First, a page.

New pool startup is critical to new plaster and equipment, however a lot of new owners have no idea how important it is and pool builders may or may not take care of it for them. Improper startup can cause staining, discoloration, improper curing, and even create problems that could reduce the life of the pool surface.
A professional service should be considered if the startup is not included as part of the initial pool contract. It’s key that new pool owners understand the requirements for their particular pool plaster type and specific warranty requirements so that they can make the right decisions and protect their new pools for years of enjoyment.
Initial Water Fill
- Water should be tested before filling the pool in order to understand the water chemistry and determine the best approach for filling. For example, in some cases it’s best to have water delivered because the fill water has very high metal or calcium content.
- Wrap a towel around the end of the hose and secure it to capture impurities, prevent spraying, and protect the surface while filling.
- Pro Tip – An empty milk jug or soda bottle can be tied to the hose to keep it from touching the new pool surface as it fills.
- Once the pool is filling it shouldn’t be stopped until complete as it could create a permanent water line ring.
- Pro Tip – the autofill shouldn’t be used as it will create a streak in the plaster (similar to the water line ring.) A garden hose should be used instead.
- Start the filtration system as soon as the pool is filled and let it run 24 x 7 until the water is clear, over a week typically.
- Brush Brush Brush!! The pool should be brushed at least 2 times per day during the first week, but more is even better. The plaster dust needs to be stirred up often so it can be filtered out and not affect the smoothness of the plaster surface.
- Test pH, alkalinity, calcium hardness, and metal content.
- If there are metals in the water, add a CuLator to completely remove them.
- High alkalinity should be adjusted to 80 ppm using muriatic acid.
- Pro Tip – Always pre-dilute the acid by adding it to a five gallon bucket of pool water.
- Low alkalinity should be adjusted to be between 80 ppm – 100 ppm to enable pH adjustment.
- pH should be reduced to 7.2 to 7.6 by adding pre-diluted Muriatic Acid
- Brush Brush Brush!!
- Once the alkalinity and pH are adjusted then adjust calcium hardness levels to a minimum of 150 ppm.
- Adjustments requiring more than 20 lb. of Calcium Chloride should be diluted and added in 10lb increments (no more than twice per day.)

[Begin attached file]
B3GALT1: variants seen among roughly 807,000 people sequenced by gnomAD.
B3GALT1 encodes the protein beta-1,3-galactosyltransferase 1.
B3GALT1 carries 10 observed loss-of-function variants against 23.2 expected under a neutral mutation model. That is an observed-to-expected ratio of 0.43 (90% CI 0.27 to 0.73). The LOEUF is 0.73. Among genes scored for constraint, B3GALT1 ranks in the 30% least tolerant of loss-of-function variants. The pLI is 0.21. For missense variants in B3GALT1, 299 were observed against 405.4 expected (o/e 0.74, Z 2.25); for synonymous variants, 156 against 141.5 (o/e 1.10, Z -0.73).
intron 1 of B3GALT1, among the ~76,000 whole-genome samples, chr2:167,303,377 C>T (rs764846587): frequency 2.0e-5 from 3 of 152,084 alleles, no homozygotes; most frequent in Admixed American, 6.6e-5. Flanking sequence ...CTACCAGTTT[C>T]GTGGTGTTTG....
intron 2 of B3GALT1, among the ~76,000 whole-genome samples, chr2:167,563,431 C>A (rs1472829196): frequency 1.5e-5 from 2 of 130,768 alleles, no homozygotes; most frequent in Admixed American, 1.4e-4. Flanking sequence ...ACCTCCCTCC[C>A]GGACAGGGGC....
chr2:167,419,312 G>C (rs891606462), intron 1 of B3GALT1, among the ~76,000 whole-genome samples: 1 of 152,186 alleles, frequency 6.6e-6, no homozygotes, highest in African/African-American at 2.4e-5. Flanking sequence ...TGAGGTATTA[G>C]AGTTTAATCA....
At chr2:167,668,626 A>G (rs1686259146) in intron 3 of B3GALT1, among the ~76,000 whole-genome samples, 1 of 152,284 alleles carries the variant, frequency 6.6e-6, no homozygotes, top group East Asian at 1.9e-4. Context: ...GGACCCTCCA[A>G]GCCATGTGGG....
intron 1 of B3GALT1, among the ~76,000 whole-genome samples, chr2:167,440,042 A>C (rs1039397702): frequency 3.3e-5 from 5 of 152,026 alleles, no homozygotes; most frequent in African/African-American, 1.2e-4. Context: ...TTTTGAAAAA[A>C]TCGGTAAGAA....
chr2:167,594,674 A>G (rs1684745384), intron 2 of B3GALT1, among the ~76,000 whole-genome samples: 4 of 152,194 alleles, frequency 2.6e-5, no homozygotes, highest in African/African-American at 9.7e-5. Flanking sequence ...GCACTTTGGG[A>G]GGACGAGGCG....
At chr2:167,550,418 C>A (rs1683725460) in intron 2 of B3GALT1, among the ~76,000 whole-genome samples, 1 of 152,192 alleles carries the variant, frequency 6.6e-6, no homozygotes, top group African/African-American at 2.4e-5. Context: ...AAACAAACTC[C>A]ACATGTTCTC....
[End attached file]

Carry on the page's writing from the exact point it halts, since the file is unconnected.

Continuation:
- Brush Brush Brush!!
- Test pH and alkalinity and adjust as needed.
- Add stabilizer (CYA), we recommend liquid as it mixes more quickly and will not settle on the new plaster finish.
- Brush again, why not?
Day 4 – Day 28
- Brush Brush Brush!!
- Test pH, Carbonate Alkalinity and Calcium Hardness.
- After the 4th Day, calcium levels should be adjusted slowly over the 28-day period, not to exceed 200 ppm.
- After the 4th day, adjust CYA levels to 30 to 50 ppm.
- On the 7th day, if there is any plaster dust remaining – remove it using a brush pool vacuum.
General Info, Do’s and Don’ts
- Remember to contact the plaster manufacturer to understand their guidance and warranty requirements before filling with water, their guidelines should be followed to make sure the plaster warranty is not voided.
- Owners shouldn’t get in the pool for the first 14 days as the surface is still curing and could be damaged.
- pH tends to increase during the curing process and as a result acid may have to be added often, but it will eventually normalize.
- Don’t use the heater until the plaster dust is gone, usually about 2 weeks, however some plaster manufacturers recommend waiting 28 days before using the heater as it could have an effect on the curing process.
- Do not shock for 30 days.
- Do not add chlorine for the first week and do not add salt or turn on the salt generator for 28 days.
- Do not use pool cleaners (built-in or wheeled such as Polaris) for the first 28 days.
- Do not use any chemical feeders like in-line chlorine/tablet feeders or salt-water chlorine generators as they could be damaged or could cause damage to the finish.
- The pool surface will feel rough initially, but over time it will become more smooth. Brushing frequently helps and should be continued over the life of the pool.
For more detailed explanations and guidance, here are 2 excellent resources:
- Pool Guy Podcast Show – New Plaster Pool Startup Issues
- National Plasterers Council – Start-up Procedures Card